TOKYO — Fast Retailing said Thursday that despite another year of double-digit gains in profits and sales, its rapid growth will slow somewhat in the coming year. The corporate parent of fast-fashion brand Uniqlo is expecting continued expansion in Asia, as well as strides in e-commerce, to drive its growth in the coming years.
Fast Retailing said that it expects net profit growth for the 12 months ending Aug. 31, 2016, to slow to 4.5 percent and come in at 115 billion yen, or $958 million. Sales growth will slow to 13 percent and come in at 1.9 trillion yen, or $15.82 billion. The company forecasts a 21.6 percent increase in operating profit, which it says will total 200 billion yen, or $1.64 billion.
Fast Retailing’s chairman, president and chief executive officer Tadashi Yanai said at a press conference in Tokyo on Thursday that he aims to make global e-commerce account for 30 to 50 percent of the company’s overall sales, as opposed to the roughly 5 percent it makes up now.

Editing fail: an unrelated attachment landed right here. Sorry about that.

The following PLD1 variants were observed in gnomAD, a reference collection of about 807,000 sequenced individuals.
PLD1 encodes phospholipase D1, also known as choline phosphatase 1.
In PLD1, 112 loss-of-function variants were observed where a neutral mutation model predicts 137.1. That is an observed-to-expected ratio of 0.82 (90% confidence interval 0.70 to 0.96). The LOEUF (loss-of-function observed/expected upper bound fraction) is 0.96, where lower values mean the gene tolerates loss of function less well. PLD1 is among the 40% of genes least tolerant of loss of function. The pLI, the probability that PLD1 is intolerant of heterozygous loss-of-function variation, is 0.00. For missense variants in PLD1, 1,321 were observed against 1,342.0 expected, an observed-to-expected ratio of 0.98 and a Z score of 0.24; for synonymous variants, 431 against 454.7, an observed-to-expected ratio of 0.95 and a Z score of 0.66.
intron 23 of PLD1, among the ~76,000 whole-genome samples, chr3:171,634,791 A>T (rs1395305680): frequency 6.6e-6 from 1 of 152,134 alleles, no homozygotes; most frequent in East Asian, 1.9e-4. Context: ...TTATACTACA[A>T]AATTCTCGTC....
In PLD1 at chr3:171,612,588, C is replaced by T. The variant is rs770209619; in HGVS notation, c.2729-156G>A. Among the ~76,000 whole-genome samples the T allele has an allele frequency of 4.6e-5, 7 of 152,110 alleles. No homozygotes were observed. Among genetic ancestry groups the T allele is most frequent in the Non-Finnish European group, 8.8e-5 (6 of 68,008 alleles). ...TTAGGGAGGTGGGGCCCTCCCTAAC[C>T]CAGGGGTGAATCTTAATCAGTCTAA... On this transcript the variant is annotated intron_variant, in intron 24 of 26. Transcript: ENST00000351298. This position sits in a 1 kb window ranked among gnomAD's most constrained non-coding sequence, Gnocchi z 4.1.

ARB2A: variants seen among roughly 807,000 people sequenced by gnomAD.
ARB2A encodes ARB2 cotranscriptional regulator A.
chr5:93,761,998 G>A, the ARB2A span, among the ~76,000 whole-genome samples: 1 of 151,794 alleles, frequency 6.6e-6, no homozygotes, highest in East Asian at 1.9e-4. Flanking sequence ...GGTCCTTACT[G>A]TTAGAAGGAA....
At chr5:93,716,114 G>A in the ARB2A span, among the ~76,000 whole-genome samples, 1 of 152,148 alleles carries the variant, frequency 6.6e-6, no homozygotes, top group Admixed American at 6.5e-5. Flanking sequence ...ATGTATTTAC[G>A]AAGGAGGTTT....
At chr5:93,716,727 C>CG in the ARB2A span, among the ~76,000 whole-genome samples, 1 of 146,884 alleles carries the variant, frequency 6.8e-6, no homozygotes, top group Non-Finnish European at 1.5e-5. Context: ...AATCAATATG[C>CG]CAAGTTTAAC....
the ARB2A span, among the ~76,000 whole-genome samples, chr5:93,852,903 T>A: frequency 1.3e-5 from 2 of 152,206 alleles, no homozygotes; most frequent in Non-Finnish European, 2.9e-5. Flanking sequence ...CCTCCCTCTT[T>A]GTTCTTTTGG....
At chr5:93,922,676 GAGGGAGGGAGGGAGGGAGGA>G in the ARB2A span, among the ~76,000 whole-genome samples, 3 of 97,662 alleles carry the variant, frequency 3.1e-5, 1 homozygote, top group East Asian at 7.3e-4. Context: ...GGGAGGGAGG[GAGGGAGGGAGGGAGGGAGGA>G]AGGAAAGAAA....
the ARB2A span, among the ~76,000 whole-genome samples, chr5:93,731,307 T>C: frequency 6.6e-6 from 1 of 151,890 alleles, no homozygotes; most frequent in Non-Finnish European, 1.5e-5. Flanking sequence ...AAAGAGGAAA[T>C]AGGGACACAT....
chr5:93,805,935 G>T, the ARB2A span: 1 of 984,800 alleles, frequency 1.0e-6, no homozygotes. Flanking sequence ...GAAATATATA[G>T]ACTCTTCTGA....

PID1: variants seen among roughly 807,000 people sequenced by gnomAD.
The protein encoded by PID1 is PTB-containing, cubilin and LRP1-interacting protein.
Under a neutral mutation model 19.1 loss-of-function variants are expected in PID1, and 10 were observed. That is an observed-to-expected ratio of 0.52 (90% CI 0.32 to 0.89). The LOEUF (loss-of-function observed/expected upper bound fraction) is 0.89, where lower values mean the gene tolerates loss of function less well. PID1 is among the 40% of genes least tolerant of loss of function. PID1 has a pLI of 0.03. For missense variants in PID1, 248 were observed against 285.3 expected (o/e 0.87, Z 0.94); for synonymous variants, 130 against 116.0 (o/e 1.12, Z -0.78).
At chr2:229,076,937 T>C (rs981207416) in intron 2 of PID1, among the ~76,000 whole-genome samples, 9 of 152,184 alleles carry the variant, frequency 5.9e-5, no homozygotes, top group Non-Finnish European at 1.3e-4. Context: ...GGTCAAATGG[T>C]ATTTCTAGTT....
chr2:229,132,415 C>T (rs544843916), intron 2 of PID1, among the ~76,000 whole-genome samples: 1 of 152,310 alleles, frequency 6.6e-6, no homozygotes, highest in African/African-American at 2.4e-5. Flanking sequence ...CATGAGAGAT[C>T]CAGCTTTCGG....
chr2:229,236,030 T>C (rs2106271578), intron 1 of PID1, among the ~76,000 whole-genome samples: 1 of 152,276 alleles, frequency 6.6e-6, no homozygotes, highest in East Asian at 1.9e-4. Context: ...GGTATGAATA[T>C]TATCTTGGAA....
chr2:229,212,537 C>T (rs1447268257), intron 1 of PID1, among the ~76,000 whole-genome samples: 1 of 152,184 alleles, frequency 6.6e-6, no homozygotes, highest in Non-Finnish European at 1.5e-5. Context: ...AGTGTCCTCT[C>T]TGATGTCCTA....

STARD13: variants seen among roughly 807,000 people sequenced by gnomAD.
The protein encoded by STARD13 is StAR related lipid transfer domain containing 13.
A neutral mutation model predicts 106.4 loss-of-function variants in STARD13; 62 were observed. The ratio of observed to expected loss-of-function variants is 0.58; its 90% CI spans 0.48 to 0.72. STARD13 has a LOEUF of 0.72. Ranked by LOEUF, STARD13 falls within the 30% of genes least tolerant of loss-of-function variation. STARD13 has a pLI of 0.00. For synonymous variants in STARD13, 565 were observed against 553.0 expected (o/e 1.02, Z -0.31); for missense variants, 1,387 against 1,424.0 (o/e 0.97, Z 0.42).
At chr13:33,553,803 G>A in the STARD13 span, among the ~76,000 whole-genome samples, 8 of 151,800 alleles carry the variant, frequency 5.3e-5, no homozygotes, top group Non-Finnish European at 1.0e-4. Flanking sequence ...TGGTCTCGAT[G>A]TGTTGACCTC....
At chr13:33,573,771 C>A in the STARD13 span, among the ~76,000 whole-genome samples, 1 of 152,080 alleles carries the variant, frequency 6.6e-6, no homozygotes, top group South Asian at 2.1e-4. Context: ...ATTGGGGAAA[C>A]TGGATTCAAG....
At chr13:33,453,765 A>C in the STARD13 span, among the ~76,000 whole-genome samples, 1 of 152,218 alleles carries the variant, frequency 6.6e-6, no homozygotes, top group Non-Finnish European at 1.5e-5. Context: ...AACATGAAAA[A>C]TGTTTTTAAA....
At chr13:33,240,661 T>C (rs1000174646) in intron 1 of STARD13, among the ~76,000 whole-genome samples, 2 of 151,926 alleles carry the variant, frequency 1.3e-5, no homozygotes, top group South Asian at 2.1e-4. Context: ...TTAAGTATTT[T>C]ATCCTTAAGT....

“I think it will happen within ten years, but it could possibly be even sooner than that, like around three to five years,” Yanai said when asked about the term of this goal. “But I think it’s possible [to achieve] in a very short time.”
As reported, Fast Retailing recently partnered with Accenture in an effort to increase digital innovation.
Yanai has also said that he aims to eventually have 3,000 Uniqlo stores in China, which he plans to open at a rate of about 100 per year. However, he clarified on Friday that this goal is subject to change based on the retail climate.
“I think [3,000 stores] will happen some years from now, but the real and virtual worlds will become one and it will be a digital world, so maybe 3,000 stores won’t be necessary in the future,” the executive said. “However, if we continue at this pace, I think we will need 3,000 stores, so for now we are using 3,000 stores as our goal.”
In addition to Uniqlo, Fast Retailing also has plans to drive strong growth among its lower-priced G.U. brand. It plans to open more G.U. stores not only in Japan, but also in other Asian countries such as China and Taiwan.
As a midterm goal, Yanai said he would like the brand’s revenue to grow to 300 billion yen, or $2.46 billion at current exchange rates. G.U.’s revenue in the year ended Aug. 31 grew 31.6 percent to 141.5 billion yen, or $1.16 billion.
The company saw its net profit for the 12 months ended Aug. 31 rise 47.6 percent to 110.03 billion yen, or $935 million at average exchange rates for the period. Full-year operating profit grew 26.1 percent to 164.46 billion yen, or $1.40 billion. Sales grew 21.6 percent to 1.68 trillion yen, or $14.28 billion.